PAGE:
“USAID’s [gender] programs work to improve women’s access to economic opportunities, increase girls’ access to education, improve maternal and child health, combat gender-based violence, and increase women’s political and civic participation in Pakistan, which helps promote a more prosperous, stable, and inclusive society in Pakistan and furthers international peace and security.”

USAID also directed Grftr News to a fact-sheet documenting recent accomplishments, including supporting tens of thousands of female survivors of gender-based violence and providing thousands of educational scholarships.

In one of Pool’s many videos on the topic, he showered lavish praise on President Trump for tweeting out a video statement wherein Trump complained about the gender program funding. However, Pool and Trump leave out one crucial detail. In both the FY2020 and FY2021 appropriations bill, Trump – at the direction of his daughter Ivanka – specifically requested $100 million in funding for the Women’s Global Development and Prosperity (W-GDP) Initiative

The W-GDP could easily be described as a “gender program” and was praised by the Trump administration’s Council of Economic Advisers as “smart economic policy.” In February 2020 Secretary of State Mike Pompeo also praised the program saying “the need for the W-GDP is clear and it’s urgent.” 

While the W-GDP and the funding for Pakistan in the spending bills appear to be separate, they both address similar problems. Heaping one with praise while harshly attacking the other is undoubtedly an inconsistent position.

Why does Pakistan need gender programs?

Pakistan is the world’s 5th most populated country; still, on measures of gender equality, it ranks 151st out of 153 above only Iraq and Yemen. According to the USAID in Pakistan, “women lag behind men on every indicator of well-being”, and economic opportunities are limited. Only 10% of Pakistani women have a bank account.

According to a report from the World Economic Forum, in Pakistan, 54% of women are illiterate compared to 29% of men and women have lower rates of enrollment in education at all levels. Women are also severely underrepresented in the labour force with only between a quarter to just over two-fifths participating depending on the data source consulted. Additionally, women hold only 5% of senior and leadership roles. 

Women also bear the brunt of domestic violence in Pakistan and “around a quarter of the population live in households that condone violence.”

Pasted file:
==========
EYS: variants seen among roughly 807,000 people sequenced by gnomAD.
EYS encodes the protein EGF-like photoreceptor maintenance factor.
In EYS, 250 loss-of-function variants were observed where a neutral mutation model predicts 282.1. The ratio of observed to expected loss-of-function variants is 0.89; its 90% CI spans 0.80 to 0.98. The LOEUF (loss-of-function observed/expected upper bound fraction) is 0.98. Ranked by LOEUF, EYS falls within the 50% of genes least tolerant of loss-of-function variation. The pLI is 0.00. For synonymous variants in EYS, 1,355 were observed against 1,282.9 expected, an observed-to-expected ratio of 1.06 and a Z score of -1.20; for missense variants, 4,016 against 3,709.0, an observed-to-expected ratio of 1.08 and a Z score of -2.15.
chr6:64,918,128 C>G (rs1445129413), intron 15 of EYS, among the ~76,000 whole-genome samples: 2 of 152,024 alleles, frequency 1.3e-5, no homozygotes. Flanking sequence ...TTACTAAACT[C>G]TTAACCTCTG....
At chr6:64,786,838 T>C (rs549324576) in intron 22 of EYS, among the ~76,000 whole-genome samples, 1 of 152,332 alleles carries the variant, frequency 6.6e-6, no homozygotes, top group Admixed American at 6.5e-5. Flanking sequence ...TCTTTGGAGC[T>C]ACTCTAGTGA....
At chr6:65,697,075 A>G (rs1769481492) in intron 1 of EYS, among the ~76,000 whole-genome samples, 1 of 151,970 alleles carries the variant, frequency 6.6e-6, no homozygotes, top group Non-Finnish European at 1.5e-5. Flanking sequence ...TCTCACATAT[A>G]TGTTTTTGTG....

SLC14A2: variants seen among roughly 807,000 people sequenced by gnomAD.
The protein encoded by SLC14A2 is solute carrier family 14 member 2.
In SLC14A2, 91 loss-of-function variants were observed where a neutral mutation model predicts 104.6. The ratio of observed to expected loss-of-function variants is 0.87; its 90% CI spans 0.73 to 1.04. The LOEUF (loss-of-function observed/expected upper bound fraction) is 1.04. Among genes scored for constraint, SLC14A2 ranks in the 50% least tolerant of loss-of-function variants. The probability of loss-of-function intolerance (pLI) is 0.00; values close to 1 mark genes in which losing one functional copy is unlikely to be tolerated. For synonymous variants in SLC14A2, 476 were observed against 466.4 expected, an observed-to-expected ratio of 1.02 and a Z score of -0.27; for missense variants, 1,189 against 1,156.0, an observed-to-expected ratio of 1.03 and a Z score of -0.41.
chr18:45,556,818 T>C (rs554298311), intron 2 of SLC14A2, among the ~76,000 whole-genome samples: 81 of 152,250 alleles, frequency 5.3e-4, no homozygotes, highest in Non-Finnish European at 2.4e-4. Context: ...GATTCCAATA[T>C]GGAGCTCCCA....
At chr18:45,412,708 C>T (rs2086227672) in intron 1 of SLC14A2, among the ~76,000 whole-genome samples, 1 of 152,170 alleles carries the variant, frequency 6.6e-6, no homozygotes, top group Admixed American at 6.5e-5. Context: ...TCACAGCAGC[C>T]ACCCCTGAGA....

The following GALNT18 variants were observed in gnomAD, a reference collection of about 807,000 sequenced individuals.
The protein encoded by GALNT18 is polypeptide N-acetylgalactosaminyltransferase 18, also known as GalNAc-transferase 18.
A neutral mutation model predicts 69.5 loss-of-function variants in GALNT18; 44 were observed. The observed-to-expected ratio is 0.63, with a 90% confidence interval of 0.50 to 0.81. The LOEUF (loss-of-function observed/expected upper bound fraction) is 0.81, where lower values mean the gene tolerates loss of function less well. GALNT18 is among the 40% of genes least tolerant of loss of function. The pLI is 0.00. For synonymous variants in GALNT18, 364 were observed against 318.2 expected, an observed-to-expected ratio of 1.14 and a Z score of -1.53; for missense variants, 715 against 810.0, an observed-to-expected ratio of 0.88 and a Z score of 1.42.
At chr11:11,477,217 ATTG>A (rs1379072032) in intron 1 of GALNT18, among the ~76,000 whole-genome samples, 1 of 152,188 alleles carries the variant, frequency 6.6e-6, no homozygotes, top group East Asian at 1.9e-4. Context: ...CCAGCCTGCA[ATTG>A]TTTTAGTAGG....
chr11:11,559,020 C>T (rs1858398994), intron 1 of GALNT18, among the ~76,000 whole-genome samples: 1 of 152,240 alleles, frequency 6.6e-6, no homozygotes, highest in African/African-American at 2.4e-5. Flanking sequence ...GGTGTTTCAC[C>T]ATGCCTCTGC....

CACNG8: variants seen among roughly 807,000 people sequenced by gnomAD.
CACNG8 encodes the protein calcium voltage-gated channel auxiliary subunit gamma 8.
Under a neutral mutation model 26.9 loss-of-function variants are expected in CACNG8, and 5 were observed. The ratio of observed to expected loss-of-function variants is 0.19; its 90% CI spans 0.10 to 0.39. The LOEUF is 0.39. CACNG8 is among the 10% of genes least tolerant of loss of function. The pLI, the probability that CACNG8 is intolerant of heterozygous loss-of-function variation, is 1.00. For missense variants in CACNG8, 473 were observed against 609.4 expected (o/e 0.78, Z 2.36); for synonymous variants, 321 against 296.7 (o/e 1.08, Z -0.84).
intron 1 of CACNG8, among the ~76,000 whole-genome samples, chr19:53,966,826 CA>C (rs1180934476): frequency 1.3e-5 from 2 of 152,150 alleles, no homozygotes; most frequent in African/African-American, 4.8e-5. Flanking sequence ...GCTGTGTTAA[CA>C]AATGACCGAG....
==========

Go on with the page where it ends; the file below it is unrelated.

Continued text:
Furthermore, according to Pakistan’s National Institute of Population Studies (NIPS), 15.1% fewer women than men have Computerised National Identity Cards (CNICs), which are required to vote and obtain government aid. Apart from these immediate impacts, knock-on effects of not having a CNIC can include women becoming permanently disenfranchised even after receiving a card. This is because “the time in which young people become enfranchised is important in establishing lifelong habits of participation in community and government affairs.” In Pakistan’s transgender population the issue is even starker with one report suggesting that only a fifth have a CNIC number.

The COVID-19 pandemic has pushed all these issues to the forefront as those on low-income who lacked a CNIC number could not receive government assistance. In the pandemic’s early stages women also only made up 5.53% of COVID-19 Response Committee’s in Pakistan sinking to 0% in some areas.

In a statement to Grftr News, a USAID spokesperson explained that because of these factors, “all of USAID’s efforts across all development sectors incorporate the cross-cutting theme of gender equality.”

Pakistan has a long way to go to achieve gender parity; however, change is happening, mainly driven by economic factors but also cultural changes and a desire to achieve what is seen as the ‘Pakistan dream.’

One of the few elected officials to defend the $10 million for Pakistani gender programs was South Carolina senator Lindsey Graham. In an interview with Fox News, he stated: “Pakistan is a place I really worry about.” Grftr News approached Graham’s office for comment but has not had a response at time of publishing.

What gender programs will Pakistan be getting?

Grftr News contacted USAID to determine where the 2021 funding for Pakistan’s gender programs would be going. A spokesperson responded explaining that USAID was still reviewing options and that discussions “on the shape and scope of programming” were still in early stages. 

From 2010 to 2017 USAID funded the Gender Equity Program (GEP) in Pakistan which produced several positive impacts and led to recommendations that future gender programs in Pakistan “should continue to focus on… access to justice, women’s economic empowerment, ensuring women’s representation in decision-making in government, and GBV [gender based violence] prevention and response.”

In 2020 funding for gender-specific programs was used to “support women in establishing sustainable women-led micro businesses, developing market relevant skills and linkages, gaining greater financial literacy, reducing gender-based violence, and improving access to income-earning opportunities.” 

Previous programs have also helped 1.5 million women obtain national identity cards, allowing them to open a bank account, register to vote, and receive “social protection benefits.”